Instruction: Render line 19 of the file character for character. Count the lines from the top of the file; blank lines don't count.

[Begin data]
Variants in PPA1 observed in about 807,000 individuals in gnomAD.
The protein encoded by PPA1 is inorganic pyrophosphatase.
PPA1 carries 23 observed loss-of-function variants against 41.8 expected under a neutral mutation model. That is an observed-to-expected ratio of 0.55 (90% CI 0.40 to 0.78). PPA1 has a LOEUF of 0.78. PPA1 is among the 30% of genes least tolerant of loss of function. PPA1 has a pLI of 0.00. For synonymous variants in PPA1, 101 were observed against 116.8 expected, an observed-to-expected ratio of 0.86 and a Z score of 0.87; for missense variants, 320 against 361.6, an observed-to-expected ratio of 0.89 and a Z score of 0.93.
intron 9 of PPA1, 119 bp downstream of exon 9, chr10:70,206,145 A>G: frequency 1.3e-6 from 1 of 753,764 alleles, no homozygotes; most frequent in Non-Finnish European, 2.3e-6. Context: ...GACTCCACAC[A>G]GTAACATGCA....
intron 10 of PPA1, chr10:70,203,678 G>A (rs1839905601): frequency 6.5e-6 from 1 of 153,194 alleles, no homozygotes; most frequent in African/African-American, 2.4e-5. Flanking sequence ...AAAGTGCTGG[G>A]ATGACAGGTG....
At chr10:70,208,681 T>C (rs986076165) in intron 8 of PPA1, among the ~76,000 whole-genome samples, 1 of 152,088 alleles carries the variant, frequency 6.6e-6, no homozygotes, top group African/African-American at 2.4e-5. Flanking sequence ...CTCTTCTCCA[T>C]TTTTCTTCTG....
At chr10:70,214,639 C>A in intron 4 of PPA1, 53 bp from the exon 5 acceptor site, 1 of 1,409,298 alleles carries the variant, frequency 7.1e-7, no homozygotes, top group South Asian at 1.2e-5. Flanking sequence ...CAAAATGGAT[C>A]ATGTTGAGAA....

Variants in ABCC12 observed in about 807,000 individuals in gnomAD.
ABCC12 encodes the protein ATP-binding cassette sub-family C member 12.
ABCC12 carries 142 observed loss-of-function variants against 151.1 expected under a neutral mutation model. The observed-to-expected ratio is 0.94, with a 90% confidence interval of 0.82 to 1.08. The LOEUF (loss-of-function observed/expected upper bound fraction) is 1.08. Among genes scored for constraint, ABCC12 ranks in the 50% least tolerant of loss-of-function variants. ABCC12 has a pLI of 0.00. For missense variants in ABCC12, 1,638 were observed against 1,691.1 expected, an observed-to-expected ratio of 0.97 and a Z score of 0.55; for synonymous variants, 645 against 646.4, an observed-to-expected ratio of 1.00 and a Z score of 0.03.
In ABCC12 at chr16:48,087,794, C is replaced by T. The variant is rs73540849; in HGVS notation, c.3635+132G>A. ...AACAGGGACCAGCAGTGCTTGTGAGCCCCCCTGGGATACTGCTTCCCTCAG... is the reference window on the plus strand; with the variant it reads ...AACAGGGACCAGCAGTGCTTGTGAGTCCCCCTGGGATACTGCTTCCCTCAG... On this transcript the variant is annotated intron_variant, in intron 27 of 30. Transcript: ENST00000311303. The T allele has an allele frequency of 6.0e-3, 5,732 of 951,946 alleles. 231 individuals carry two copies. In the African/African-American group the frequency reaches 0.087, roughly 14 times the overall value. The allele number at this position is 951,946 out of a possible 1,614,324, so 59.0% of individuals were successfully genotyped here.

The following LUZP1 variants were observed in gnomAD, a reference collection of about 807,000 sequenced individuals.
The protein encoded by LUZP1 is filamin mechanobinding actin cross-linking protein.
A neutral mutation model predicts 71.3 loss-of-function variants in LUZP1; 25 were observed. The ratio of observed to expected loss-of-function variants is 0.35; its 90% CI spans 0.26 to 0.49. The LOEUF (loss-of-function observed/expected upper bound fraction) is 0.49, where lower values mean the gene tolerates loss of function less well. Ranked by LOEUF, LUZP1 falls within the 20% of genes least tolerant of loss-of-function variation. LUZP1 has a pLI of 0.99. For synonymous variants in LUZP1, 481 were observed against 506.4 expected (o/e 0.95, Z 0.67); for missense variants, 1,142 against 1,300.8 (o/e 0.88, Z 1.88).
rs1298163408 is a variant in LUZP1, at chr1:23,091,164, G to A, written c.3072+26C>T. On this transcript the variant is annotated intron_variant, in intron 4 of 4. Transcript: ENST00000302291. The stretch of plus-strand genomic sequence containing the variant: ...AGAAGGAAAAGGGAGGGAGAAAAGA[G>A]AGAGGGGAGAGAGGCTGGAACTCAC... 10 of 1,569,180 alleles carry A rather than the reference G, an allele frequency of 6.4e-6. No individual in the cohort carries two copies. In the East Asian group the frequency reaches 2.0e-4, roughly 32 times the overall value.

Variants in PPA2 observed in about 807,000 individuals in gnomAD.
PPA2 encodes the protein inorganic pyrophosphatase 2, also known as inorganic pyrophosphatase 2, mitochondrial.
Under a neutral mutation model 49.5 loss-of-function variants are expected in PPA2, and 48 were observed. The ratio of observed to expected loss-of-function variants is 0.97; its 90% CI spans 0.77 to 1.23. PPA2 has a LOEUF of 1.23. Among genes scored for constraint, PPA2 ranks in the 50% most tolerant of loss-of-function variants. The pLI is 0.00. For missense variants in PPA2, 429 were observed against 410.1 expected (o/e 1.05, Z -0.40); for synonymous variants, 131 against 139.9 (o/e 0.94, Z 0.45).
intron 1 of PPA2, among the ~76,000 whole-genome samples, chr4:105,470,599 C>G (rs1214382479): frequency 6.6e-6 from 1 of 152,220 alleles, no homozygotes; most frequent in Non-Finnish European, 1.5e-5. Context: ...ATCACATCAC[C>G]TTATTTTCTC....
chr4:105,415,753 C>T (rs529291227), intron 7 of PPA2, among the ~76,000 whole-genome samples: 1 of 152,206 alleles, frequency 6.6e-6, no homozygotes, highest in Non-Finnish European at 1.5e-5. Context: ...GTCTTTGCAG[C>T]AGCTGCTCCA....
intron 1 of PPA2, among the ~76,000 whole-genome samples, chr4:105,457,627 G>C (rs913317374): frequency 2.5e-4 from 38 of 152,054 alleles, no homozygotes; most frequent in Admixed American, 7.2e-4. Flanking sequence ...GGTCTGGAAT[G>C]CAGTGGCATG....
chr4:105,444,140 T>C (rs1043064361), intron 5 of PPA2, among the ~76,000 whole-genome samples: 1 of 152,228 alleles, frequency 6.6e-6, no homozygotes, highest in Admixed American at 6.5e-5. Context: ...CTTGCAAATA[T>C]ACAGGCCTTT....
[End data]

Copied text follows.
intron 1 of PPA2, among the ~76,000 whole-genome samples, chr4:105,470,599 C>G (rs1214382479): frequency 6.6e-6 from 1 of 152,220 alleles, no homozygotes; most frequent in Non-Finnish European, 1.5e-5. Context: ...ATCACATCAC[C>G]TTATTTTCTC....